Philanthropy

This Foundation Empowers Indigenous Communities Through Education

Its story begins with its founder flying to Bukidnon to seek guidance from the Jesuits.
IMAGE COURTESY OF CARTWHEEL FOUNDATION
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When she was at a crossroads in her life, Gina Alfonso flew to Miarayon, Bukidnon, to seek guidance from Jesuit friends who were there. During her stay she was introduced to the Tala-Andig, an indigenous farming community. The parish asked Alfonso, who had a background in arts and education if she could come up with something for the Tala-Andig children. She organized arts and music sessions with the children, which then led to the foundation of a pre-school within the area, and subsequently, the Cartwheel Foundation.

“So it was in this way that our advocacy of ‘bringing education to where it is needed the most’ began,” says Rainey Sarmiento, resource development officer for the foundation. “It came with the realization that many other indigenous peoples (IP) communities were like the Tala- Andig—located in far-flung areas, rooted in their traditional way of life, yet yearning for opportunities to learn.”


Cartwheel works hand-in-hand with indigenous communities to create educational programs that will enrich them while retaining their cultural identity. “Everything we introduce is rooted in the ways of our specific partner communities. It is in this way that their traditions are kept sacred, and are regarded with much importance even by younger generations,” Sarmiento says. “Literacy and various practical life skills are taught to build capable, productive community members.”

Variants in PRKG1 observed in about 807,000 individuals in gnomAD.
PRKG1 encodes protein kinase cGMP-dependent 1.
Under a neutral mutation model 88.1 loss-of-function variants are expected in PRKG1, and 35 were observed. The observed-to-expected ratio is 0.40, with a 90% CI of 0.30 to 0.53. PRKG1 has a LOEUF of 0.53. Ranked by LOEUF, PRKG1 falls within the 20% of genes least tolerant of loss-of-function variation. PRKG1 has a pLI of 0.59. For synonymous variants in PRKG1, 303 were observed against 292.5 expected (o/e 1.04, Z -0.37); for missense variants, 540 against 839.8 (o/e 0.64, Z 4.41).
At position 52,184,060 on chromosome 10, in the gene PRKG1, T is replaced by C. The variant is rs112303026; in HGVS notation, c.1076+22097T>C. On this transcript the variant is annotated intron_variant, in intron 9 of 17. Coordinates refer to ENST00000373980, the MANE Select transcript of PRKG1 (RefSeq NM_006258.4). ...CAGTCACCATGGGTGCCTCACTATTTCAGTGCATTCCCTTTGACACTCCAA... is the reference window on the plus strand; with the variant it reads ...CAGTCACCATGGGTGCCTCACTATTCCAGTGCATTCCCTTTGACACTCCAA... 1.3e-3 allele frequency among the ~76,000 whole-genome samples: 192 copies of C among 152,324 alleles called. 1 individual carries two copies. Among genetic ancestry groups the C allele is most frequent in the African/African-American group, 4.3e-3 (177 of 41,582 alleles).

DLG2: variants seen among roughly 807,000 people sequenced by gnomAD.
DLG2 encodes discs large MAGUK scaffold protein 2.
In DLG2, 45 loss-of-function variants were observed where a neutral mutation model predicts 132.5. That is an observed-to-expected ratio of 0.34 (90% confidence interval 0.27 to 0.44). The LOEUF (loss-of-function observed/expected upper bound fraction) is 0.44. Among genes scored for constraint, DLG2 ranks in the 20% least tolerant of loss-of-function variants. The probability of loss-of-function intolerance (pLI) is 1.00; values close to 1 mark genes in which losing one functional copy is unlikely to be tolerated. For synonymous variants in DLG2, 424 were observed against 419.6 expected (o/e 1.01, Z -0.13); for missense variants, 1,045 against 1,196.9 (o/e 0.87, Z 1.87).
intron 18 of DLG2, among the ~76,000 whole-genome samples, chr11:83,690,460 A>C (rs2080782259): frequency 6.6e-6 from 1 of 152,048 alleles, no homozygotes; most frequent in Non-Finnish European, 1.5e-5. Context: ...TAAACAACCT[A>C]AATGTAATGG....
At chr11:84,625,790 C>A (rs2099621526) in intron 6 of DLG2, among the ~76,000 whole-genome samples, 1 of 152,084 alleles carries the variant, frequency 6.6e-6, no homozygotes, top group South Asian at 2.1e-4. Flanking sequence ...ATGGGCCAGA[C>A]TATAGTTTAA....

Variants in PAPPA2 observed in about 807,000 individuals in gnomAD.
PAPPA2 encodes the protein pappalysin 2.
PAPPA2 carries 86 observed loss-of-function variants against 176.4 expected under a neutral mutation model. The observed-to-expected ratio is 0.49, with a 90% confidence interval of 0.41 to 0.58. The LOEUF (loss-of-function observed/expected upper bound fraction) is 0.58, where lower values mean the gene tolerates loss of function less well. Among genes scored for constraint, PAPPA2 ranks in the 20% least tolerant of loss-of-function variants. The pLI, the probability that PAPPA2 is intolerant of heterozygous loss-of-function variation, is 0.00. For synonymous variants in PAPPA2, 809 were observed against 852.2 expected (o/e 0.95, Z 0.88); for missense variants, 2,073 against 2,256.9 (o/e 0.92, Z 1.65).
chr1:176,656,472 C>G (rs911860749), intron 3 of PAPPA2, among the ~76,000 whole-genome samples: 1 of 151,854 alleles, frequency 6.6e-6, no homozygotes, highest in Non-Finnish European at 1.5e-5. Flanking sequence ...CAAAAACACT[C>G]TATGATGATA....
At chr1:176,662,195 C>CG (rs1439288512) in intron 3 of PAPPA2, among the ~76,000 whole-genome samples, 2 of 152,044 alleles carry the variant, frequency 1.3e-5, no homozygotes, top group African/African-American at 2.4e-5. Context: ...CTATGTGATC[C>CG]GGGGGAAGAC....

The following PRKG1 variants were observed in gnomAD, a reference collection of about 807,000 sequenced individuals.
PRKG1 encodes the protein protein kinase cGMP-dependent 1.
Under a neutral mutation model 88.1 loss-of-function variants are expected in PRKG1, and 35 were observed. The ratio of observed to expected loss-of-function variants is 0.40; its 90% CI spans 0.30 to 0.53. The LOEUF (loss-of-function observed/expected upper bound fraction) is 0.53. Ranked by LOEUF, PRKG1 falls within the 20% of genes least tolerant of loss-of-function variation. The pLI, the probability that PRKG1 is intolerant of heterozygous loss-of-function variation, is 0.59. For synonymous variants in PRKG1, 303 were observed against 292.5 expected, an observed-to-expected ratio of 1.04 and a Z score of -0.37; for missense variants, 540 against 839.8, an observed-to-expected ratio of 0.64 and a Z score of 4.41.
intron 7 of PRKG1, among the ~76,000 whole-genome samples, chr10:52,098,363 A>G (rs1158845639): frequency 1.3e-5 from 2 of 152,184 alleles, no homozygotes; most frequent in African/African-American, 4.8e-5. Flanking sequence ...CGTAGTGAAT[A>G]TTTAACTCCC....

Cartwheel tailor fits programs according to the communities’ expressed needs. For example, different modules have been introduced to the three communities they currently work with— Early Childhood and Adult Capability Building programs for the Tagbanua of Culion, Palawan, Early Childhood and Elementary Education for the Higaonon in Sinakungan, Agusan del Sur, and Teacher Training and Community Development for the Badjao who migrated to the seaside community of Lucena, Quezon. This year, Cartwheel is looking at working with the Badjao displaced by the siege in Zamboanga.

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Seeing so many instances where communities apply what they’ve learned only reinforces the message that Cartwheel wants to promote. “We saw that it is possible for communities to act on their own. That we do not come in as development workers simple to give,” Sarmiento says. “Rather, we show them that they too have the skills, resources, and riches that are uniquely theirs.”

This story was originally published in the March 2014 issue of Town&Country.

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Jacs T. Sampayan
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